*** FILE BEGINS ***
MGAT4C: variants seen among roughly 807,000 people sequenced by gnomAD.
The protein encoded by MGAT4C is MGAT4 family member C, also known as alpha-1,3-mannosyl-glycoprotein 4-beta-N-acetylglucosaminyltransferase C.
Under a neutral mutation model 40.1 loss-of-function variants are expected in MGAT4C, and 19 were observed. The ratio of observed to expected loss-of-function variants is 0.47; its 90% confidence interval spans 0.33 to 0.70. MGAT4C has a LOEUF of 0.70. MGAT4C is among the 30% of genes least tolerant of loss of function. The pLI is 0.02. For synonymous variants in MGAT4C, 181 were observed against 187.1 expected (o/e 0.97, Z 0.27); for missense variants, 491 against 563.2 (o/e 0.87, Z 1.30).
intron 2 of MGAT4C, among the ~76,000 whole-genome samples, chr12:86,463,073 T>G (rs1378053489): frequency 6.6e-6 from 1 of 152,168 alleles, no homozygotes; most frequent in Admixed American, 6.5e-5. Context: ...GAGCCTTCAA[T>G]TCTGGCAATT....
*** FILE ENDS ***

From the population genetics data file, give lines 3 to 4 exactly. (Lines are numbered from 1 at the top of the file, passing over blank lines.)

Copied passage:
Under a neutral mutation model 40.1 loss-of-function variants are expected in MGAT4C, and 19 were observed. The ratio of observed to expected loss-of-function variants is 0.47; its 90% confidence interval spans 0.33 to 0.70. MGAT4C has a LOEUF of 0.70. MGAT4C is among the 30% of genes least tolerant of loss of function. The pLI is 0.02. For synonymous variants in MGAT4C, 181 were observed against 187.1 expected (o/e 0.97, Z 0.27); for missense variants, 491 against 563.2 (o/e 0.87, Z 1.30).
intron 2 of MGAT4C, among the ~76,000 whole-genome samples, chr12:86,463,073 T>G (rs1378053489): frequency 6.6e-6 from 1 of 152,168 alleles, no homozygotes; most frequent in Admixed American, 6.5e-5. Context: ...GAGCCTTCAA[T>G]TCTGGCAATT....